Reports of ill health after exposure to radiation, fluoridation, contaminated blood, dental mercury, pesticide poisoning and a range of other conditions the protective cry goes up, backed by interested scientists, that there is ‘no causal link’.
For many years social and mainstream media have covered allegations that the health of aircrews has been adversely affected after leaks of smoke or fumes into cabins.
According to the Global Cabin Air Quality Executive group ‘contaminated bleed air events’ have been acknowledged since the 1950s. Established in 2006, GCAQE, which organisations from 17 countries have joined, argues that such events are significantly under-reported – see their video, first shot opposite. It names one ingredient in the engine oil, organophosphate, references to which have often appeared on this site, and calls for a less toxic alternative.
A UK independent committee on toxicity, including university experts, estimates that there is roughly one fume event for every 2,000 flights. European Aviation Safety Agency data shows that during the past 10 years more than 80 flights were diverted or forced to return to their departure point because of smoke or fume related incidents.
In 2009 two top BA pilots died within days of each other after complaining about being exposed to toxic oil fumes on passenger planes. Richard Westgate, 43 (left), died after instructing his lawyers to sue BA for health and safety breaches days before fellow pilot Karen Lysakowska, 43, passed away.
In the news: 2015
In February ITV News revealed that the Senior Coroner for the County of Dorset had written to the Civil Aviation Authority and British Airways to express concern about the quality of cabin air and warned of the “risk that future deaths will occur unless action is taken”. For the last two years he had been investigating the death of Richard Westgate.
Air crew prepare to take legal action against British airlines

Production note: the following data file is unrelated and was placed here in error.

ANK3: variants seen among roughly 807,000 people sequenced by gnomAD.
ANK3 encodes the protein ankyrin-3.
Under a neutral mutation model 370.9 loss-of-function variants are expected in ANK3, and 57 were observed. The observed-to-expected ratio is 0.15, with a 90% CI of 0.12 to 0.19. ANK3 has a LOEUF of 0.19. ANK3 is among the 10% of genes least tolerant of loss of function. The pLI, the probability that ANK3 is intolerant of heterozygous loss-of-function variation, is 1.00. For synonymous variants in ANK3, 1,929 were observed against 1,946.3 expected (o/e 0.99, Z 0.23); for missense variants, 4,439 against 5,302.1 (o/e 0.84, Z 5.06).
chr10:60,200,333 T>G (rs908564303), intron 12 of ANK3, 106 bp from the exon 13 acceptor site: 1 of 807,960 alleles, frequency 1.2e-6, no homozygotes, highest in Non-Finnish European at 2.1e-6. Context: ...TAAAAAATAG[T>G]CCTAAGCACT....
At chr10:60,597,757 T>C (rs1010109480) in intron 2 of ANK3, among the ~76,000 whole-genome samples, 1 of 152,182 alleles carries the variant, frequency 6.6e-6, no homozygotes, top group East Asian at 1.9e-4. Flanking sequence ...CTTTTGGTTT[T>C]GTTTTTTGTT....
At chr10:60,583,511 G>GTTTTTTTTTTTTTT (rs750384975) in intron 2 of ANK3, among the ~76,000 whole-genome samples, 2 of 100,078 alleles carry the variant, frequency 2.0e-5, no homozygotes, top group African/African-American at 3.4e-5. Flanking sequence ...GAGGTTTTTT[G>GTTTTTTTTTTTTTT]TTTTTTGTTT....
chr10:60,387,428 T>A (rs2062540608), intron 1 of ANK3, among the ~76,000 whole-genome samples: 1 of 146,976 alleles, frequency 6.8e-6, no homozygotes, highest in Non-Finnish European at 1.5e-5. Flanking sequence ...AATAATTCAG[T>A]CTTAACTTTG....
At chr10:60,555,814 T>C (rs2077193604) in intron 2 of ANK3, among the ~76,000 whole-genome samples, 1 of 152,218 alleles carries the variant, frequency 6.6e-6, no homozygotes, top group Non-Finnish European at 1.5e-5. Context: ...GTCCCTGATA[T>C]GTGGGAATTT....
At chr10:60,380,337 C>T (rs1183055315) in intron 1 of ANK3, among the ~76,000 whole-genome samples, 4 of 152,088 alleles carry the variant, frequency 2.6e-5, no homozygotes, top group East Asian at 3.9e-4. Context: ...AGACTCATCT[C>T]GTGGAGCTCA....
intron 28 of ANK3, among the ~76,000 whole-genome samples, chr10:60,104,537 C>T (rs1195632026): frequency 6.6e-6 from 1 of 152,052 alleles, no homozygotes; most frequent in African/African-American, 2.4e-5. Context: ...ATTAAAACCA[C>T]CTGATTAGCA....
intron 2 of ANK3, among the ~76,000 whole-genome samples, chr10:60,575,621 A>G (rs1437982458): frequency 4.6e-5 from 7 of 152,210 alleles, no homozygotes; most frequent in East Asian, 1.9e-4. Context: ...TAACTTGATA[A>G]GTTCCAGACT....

In April 2015, Mandatory Occurrence Reports – safety reports – submitted by British-registered airlines to the regulator, the Civil Aviation Authority were seen by ITV News, They showed that between December 2014 and March of this year, smoke or fumes were reported in the cabin on 167 flights, “Some of the cases were serious”.
Civil Aviation Authority (CAA) reports show that between April 2014 and May 2015 there were 251 separate incidents of fumes or smoke at one British airline. The BBC says an illness was reported in 104 of the 251 cases, and on at least 28 of the flights oxygen was administered.
In June 2015 the Financial Times reported that the EU’s safety regulator, the European Aviation Safety Agency, is investigating the quality of cabin air as 17 UK crew prepare to take legal action against British airlines over alleged injuries due to toxic fumes. The ‘aerotoxic syndrome’ cases are backed by the union Unite, which represents 20,000 flight staff. Safety reports obtained by the BBC suggest that the problem could be widespread.
Earlier this month the redoubtable Countess of Mar, Deputy Speaker (Lords), once again returned to this issue. In Written Answers — Department for Transport: Aircraft: Air Conditioning (16 Dec 2015) she asked government what assessment they have made of the 2010 PhD study by Susan Michaelis, Health and flight safety implications from exposure to contaminated air in aircraft.
The study showed that 63% of studied pilots experienced short-term effects from cabin air contamination, and 13% were no longer able to maintain their pilot medical certification because of chronic ill health which bore a close temporal relationship to cabin air contamination; and assessing what support is offered to pilots, crew and passengers who are affected by fume events.
2007: harrowing accounts: SUMMARIES OF INDIVIDUAL SUBMISSIONS http://www.publications.parliament.uk/pa/ld200708/ldselect/ldsctech/7/713.htm
2010: Political Concern censured government for permitting toxic chemicals in the home, in aeroplanes, in agriculture and in warfare.
2012: Contaminated air events: recommendations were made in the Lords Science and Technology First Report 2007. Chemical Concern, prompted by Peter Evans, asked if the Lords 2007 recommendations had been implemented – obviously not.
There is now pressure from unions, the EU investigation, legal action and politicians like MP Andy Burnham and the Countess of Mar. In addition, there is civic action – the lobbying of affected individuals including Captain John Hoyte, sheep farmer Brenda Sutcliffe (above centre), Richard Bruce and Georgina Downs – and their supporters, who include former councillor, Peter Evans (above right) and farmers Tom Rigby (second left) and Robin Casson.
Will this combined pressure eventually outlaw these toxic substances?